It’s important to note that tomatoes are in the nightshade family, and parts of them contain substances that are toxic in high amounts. Products that contain tomatoes, such as sauces, soups, or juices, may be unhealthy for dogs, especially because they often contain salt, sugar, artificial flavors, or other ingredients that are harmful. In rare cases, an allergic reaction may lead to anaphylaxis , a potentially deadly condition. If you see signs such as coughing, sneezing, hives, swelling, difficulty breathing, or other allergy symptoms, stop giving tomatoes to your dog and contact your vet. Some dogs have medical conditions, like acid reflux or gastrointestinal issues, that tomatoes may aggravate. If your vet tells you it’s okay to serve tomatoes to your dog, make sure you choose ripe, red ones that have the stems, leaves, and vines removed.

Can My Dog Eat Tomatoes?

Dogs can absolutely have the tomato fruit. If you want to give a tomato to a dog, small amounts won’t hurt them a bit. Many dogs love them for the same reason people do; they’re tasty!While they are nontoxic, don’t feed too much tomato to your dog because it can cause stomach upset. Tomatoes are notoriously acidic, which could definitely cause problems in a dog with a sensitive stomach.Be sure you start with small amounts to see how your dog reacts, just like you would when introducing any new food.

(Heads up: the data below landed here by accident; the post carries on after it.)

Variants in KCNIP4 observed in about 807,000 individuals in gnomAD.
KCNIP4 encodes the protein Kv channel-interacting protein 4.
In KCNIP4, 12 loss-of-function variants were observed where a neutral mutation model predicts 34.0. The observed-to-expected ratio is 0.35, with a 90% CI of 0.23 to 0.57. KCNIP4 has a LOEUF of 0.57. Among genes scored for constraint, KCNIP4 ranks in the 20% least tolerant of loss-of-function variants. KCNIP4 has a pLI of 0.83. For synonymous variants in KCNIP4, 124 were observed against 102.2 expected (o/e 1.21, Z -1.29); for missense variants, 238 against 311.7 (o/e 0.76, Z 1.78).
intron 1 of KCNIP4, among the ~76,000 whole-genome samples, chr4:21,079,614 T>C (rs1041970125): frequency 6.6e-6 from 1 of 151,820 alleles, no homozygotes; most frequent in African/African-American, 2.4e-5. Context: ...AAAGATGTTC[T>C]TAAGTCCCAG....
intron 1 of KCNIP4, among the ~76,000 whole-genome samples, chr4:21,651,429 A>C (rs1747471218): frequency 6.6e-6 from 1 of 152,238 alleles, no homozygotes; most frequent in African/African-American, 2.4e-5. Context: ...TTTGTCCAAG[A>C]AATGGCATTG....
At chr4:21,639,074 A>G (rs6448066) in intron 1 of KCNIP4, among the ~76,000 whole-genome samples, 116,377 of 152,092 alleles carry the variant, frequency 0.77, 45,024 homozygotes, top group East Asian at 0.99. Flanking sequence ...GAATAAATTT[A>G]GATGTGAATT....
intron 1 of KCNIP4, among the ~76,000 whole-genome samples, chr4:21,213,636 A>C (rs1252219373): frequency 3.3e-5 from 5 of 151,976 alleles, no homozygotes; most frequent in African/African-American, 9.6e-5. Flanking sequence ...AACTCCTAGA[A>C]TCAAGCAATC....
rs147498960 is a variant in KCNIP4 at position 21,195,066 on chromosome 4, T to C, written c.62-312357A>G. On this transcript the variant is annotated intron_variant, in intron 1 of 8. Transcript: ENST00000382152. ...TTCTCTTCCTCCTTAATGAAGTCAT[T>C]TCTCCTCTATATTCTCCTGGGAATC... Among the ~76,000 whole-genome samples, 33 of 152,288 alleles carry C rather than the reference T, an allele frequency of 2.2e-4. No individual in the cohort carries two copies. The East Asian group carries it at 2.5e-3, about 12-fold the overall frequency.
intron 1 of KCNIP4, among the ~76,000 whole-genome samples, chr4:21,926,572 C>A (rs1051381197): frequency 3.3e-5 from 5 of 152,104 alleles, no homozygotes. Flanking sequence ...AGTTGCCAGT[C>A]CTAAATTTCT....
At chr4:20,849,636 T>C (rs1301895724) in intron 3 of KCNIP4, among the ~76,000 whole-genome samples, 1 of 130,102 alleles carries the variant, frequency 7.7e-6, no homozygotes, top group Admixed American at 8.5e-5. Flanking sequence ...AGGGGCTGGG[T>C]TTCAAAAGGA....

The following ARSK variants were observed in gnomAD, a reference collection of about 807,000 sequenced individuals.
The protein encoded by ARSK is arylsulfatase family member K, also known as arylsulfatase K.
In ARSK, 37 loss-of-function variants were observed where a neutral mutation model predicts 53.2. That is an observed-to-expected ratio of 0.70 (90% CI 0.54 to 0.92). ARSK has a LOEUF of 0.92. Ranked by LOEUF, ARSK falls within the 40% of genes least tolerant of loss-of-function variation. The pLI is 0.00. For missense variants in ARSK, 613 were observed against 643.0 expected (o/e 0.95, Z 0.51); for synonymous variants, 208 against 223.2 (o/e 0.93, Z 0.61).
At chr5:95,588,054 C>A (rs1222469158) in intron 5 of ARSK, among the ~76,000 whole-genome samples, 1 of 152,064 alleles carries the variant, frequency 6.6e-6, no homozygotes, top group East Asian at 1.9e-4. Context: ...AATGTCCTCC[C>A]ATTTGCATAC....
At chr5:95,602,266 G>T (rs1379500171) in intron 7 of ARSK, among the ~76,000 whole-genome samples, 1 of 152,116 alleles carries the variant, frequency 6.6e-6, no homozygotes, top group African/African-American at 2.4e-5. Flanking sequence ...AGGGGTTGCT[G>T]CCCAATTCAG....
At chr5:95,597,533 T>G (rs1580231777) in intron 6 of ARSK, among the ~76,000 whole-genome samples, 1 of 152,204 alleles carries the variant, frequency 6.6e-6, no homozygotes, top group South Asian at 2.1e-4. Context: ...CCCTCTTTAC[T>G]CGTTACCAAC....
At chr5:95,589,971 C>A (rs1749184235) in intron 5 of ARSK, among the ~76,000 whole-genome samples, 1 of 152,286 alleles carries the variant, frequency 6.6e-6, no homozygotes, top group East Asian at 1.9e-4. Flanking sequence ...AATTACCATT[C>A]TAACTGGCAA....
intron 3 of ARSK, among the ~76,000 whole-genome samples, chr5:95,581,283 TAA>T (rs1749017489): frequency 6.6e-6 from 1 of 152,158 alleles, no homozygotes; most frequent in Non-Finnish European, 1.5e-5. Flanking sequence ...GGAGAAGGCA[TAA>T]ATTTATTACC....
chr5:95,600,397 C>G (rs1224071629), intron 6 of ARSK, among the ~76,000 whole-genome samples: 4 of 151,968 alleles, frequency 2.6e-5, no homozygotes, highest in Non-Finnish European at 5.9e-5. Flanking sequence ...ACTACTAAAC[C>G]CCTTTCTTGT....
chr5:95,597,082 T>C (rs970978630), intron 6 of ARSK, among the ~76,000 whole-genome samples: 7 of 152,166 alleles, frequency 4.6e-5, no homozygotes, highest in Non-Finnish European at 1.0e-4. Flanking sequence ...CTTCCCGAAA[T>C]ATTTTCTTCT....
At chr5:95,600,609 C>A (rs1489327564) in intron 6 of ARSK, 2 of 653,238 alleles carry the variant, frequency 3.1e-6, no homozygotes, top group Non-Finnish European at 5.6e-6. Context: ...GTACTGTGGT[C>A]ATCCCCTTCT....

Cooked Tomatoes and Tomato Pomace

Cooked tomatoes are safe for dogs, just like ripe ones, and tomato pomace is a common ingredient in many dog foods.Tomato pomace is made from the ripe fruit and incorporates skin, pulp and seeds. It’s a frequent byproduct of human food production.

Why Do People Think Tomatoes Are Poisonous to Dogs?

The tomato is a member of the nightshade family of plants. Since some other members of this family are known to be very toxic, it raises doubt as to whether the more commonly consumed plants are truly healthy for dogs.

Toxic Tomatine in Tomato Plants

ThereHowever, ripe tomatoes contain such a small amount that, even if your furry friend consumes far more than you ever intended, it’s not really a concern as far as toxicity goes.Unripe tomatoes contain slightly more tomatine, but the difference is probably not significant.Tomatine is found in greatest concentration in the tomato plant itself—more so in the flowers and small stems, but also in the leaves and the stalk.Even so, the flowers, stems and leaves don’t actually present much of a threat to dogs. The likelihood of a dog consuming enough of the plant to cause serious harm is very slim.Mild gastrointestinal upset is the most likely outcome when dogs eat tomato greenery. Large, grazing animals are the main concern when it comes to toxicity from tomato plants due to the volume of plant material they consume.That said, if you think that your dog has eaten a large amount of tomato plant, call your veterinarian for advice.